The nation chose its first female president Monday, and the ousted military ruler she replaced was whisked into exile after a dramatic "heart-to-heart" appeal by the U.S. ambassador that he leave quickly to forestall further bloodshed.
For the second time in five days, Lt. Gen. Prosper Avril succumbed to the persuasive powers of U.S. Ambassador Alvin P. Adams Jr., who convinced him in a 2:30 a.m. meeting that his staying in Haiti already had provoked bloody violence and would lead to even more.
In earlier talks last Wednesday and Friday, Adams' intensely personal diplomacy spurred Avril to bow to the demands of his pro-democracy opponents and step down as the military president of Haiti.
Avril, his wife, teen-age son and daughter and a family servant boarded a U.S. Air Force C-141 jet shortly after 6 a.m. for a two-hour flight to Homestead Air Force Base near Miami. His departure defused an explosive situation that many Haitians had feared would erupt into unprecedented violence.
In Washington, State Department spokeswoman Margaret Tutwiler said the United States helped Avril leave "because it was the humanitarian thing to do and because it seemed the course of action most likely to reduce further bloodshed."
Tutwiler said that Avril's "final destination is up to him," and White House Press Secretary Marlin Fitzwater said the ousted leader has "temporary sanctuary here." But U.S. officials would not specify that Avril would be granted political asylum if he wished it.
The departure came too late to cancel a general strike called by opposition leaders, but the news drew thousands of still skeptical but vastly relieved Haitians into the capital's streets, unmarred by bloodshed for the first time in a week. However, hungry crowds estimated in the thousands looted two food warehouses.
Haiti's new leader is Supreme Court Justice Ertha Pascal Trouillot, 46, the first woman ever promoted to the bench in Haiti and only the third to become head of a government in the Western Hemisphere. Mother of a teen-age daughter and widow of a prominent Haitian legal scholar, Trouillot was selected by leaders of the coalition of 12 pro-democracy political parties that forced Avril's resignation on Saturday.
She is the author of several law books and has been described as both brilliant and patient, qualities that the political leaders said she will need as she steers the poverty-stricken country toward democratic elections sometime during the next six months.
The army chief of staff, Maj. Gen. Herard Abraham, who assumed temporary authority when Avril resigned, accepted her appointment Monday and set her formal swearing in for 10 a.m. today.
Three other Supreme Court justices had refused the job. Although Haiti's constitution calls for the chief justice to take over when a president resigns, the present chief was rejected by the group of 12 and other civic leaders because he is an Avril crony. "But in the spirit of the constitution, we wanted someone from the Supreme Court, and we found her," said Jean-Claude Roy, one of the 12.
Roy said that reports of assassination squads roaming Port-au-Prince to kill the pro-democracy leaders and their presidential choice prompted the group to take Trouillot to a secret hideaway and delay announcing the Sunday night selection until Monday. Right-of-center populist Sylvio Claude credited Gen. Abraham with heading off three groups of would-be assassins.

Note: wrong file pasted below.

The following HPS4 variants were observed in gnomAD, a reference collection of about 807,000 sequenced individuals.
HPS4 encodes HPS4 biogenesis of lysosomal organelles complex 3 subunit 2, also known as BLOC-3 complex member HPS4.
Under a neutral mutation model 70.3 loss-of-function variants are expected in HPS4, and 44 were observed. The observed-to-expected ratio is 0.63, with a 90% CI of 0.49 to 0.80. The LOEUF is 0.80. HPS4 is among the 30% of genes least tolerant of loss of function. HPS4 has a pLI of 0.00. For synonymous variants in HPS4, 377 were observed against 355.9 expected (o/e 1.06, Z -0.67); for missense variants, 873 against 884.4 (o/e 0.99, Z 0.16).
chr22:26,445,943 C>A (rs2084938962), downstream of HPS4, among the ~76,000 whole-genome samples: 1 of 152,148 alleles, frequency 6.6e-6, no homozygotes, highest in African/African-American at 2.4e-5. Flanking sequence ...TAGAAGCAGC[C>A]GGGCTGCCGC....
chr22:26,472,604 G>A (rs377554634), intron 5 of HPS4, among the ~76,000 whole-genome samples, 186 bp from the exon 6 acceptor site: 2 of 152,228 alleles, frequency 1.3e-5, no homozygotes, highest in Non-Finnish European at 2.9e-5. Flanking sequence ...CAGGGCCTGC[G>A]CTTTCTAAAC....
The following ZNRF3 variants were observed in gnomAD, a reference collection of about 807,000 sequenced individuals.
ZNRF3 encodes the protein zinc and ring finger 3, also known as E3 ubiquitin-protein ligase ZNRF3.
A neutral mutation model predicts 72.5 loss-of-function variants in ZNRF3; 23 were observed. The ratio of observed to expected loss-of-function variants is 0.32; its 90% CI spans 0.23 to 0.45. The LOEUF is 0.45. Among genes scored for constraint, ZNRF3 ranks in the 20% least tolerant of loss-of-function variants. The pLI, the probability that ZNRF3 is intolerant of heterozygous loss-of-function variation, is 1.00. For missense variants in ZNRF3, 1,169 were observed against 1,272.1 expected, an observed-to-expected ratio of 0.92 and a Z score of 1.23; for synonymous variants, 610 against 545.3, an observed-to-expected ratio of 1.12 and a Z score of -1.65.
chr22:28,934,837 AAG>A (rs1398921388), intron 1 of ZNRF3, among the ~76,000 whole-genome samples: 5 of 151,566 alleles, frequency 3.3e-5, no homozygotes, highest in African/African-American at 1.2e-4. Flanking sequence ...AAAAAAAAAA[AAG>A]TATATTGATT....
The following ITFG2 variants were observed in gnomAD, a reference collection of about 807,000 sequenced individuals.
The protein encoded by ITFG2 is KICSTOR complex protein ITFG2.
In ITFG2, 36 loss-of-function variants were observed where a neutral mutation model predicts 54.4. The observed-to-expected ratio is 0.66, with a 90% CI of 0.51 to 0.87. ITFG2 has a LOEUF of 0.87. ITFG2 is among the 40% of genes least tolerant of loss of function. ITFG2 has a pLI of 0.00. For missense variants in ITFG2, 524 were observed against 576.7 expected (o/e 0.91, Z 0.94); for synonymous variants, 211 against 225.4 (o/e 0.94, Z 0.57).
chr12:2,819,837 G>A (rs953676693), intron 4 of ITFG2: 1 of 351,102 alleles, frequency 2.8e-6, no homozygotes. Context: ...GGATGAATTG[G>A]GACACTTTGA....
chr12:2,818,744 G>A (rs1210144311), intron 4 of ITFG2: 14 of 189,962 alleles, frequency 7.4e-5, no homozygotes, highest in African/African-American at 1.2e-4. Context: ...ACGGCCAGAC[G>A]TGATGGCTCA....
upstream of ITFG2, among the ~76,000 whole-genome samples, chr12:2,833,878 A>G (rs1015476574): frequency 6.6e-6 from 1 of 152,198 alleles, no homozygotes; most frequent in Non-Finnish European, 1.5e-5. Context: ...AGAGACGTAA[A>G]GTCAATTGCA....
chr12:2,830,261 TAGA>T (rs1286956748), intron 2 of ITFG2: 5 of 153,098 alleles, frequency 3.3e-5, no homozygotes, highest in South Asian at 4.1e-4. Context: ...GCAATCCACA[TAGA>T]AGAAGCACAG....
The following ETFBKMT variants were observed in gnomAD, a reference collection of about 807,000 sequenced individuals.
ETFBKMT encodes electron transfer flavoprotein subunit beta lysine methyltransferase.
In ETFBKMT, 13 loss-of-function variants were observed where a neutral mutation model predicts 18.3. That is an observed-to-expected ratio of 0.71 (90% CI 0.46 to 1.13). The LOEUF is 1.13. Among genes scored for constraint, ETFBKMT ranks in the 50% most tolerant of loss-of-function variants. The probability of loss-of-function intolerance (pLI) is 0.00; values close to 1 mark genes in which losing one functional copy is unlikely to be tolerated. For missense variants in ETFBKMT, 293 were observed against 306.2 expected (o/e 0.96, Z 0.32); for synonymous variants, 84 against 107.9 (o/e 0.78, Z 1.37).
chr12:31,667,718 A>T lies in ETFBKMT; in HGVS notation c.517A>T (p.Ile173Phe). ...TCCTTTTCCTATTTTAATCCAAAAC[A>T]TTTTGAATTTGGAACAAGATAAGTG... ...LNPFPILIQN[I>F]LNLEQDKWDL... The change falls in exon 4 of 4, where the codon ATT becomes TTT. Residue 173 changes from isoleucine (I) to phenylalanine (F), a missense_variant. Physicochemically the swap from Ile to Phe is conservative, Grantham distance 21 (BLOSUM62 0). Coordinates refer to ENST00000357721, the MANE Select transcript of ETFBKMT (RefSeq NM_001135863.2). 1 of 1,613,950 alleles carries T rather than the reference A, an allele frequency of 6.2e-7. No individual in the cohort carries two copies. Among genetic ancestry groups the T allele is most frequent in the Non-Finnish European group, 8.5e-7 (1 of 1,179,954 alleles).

As that drama unfolded, Ambassador Adams embarked on a sleepless night prompted by fears that violence inspired by Avril's partisans and followers of the old Duvalier regime was about to escalate.
"A number of (Haitian) people appealed to us to go talk to Avril convincingly about the situation in the country and how he had become, one way or another, a major issue . . . a source of violence and almost certainly much heavier violence today and in the days to come," Adams said in an interview.
Adams said he awakened Avril with a telephone call at 1:30 a.m. explaining the need to talk "on a matter of great urgency."
Rushing to the general's hilltop mansion outside Port-au-Prince, Adams said "we had a heart-to-heart talk, person to person."
"It was a matter of his loyalty to the nation, the values he professed and the institutions he was involved with and respected during his whole life," Adams said he explained in plain personal terms to Avril. "He owed it to them, to himself and to his family to take certainly one of the most difficult decisions he ever had to take."
It was the second emotional man-to-man encounter in recent days between Adams and Avril. The often blunt but personable and persuasive career diplomat said he believes in getting down "to the human element there, human psychology and chemistry."
Adams even invoked some of his own most painful memories to convince Avril that he was no stranger to tragedy. Recalling the death of his son, Tung, in the battleship Iowa gun-turret explosion last year and the tragic deaths of many of his wife Mai Anh's family in Vietnam, Adams said he told Avril "he was not the only one with tragedies, and there are ways to deal with tragedies."
Lt. Gen. Prosper Avril was once known as the "sphinx" of Haitian politics because of his knack for behind-the-scenes political manipulations. He was thrust into the public eye by rebellious soldiers who toppled military dictator Henri Namphy in September, 1988, and named Avril in his place. Avril's rise was welcomed by many Haitians, who believed him to be shrewd enough to keep military coup plotters at bay and charming enough to head off popular discontent with promises of democracy. But early this year, he ordered the arrest and exile of several prominent opposition politicians, sparking public anger that ultimately drove him from the country.